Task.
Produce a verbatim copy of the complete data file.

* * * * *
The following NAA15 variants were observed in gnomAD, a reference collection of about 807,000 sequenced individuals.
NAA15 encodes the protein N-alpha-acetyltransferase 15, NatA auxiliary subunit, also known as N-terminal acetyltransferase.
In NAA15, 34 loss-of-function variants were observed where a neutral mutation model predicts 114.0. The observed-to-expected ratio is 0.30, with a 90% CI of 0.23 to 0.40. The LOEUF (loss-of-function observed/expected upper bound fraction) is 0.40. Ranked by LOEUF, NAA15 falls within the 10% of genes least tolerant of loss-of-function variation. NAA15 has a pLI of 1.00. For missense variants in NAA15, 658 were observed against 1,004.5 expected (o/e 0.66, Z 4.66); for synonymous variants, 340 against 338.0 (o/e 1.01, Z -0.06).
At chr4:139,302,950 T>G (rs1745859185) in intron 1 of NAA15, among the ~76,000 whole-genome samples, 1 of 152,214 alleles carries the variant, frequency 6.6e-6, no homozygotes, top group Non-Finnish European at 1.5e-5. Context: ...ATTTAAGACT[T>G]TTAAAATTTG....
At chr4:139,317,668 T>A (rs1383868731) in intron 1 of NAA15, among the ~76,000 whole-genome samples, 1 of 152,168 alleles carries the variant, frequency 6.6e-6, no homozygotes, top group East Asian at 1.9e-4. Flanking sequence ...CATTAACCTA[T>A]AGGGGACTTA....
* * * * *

The following NAA15 variants were observed in gnomAD, a reference collection of about 807,000 sequenced individuals.
NAA15 encodes the protein N-alpha-acetyltransferase 15, NatA auxiliary subunit, also known as N-terminal acetyltransferase.
In NAA15, 34 loss-of-function variants were observed where a neutral mutation model predicts 114.0. The observed-to-expected ratio is 0.30, with a 90% CI of 0.23 to 0.40. The LOEUF (loss-of-function observed/expected upper bound fraction) is 0.40. Ranked by LOEUF, NAA15 falls within the 10% of genes least tolerant of loss-of-function variation. NAA15 has a pLI of 1.00. For missense variants in NAA15, 658 were observed against 1,004.5 expected (o/e 0.66, Z 4.66); for synonymous variants, 340 against 338.0 (o/e 1.01, Z -0.06).
At chr4:139,302,950 T>G (rs1745859185) in intron 1 of NAA15, among the ~76,000 whole-genome samples, 1 of 152,214 alleles carries the variant, frequency 6.6e-6, no homozygotes, top group Non-Finnish European at 1.5e-5. Context: ...ATTTAAGACT[T>G]TTAAAATTTG....
At chr4:139,317,668 T>A (rs1383868731) in intron 1 of NAA15, among the ~76,000 whole-genome samples, 1 of 152,168 alleles carries the variant, frequency 6.6e-6, no homozygotes, top group East Asian at 1.9e-4. Flanking sequence ...CATTAACCTA[T>A]AGGGGACTTA....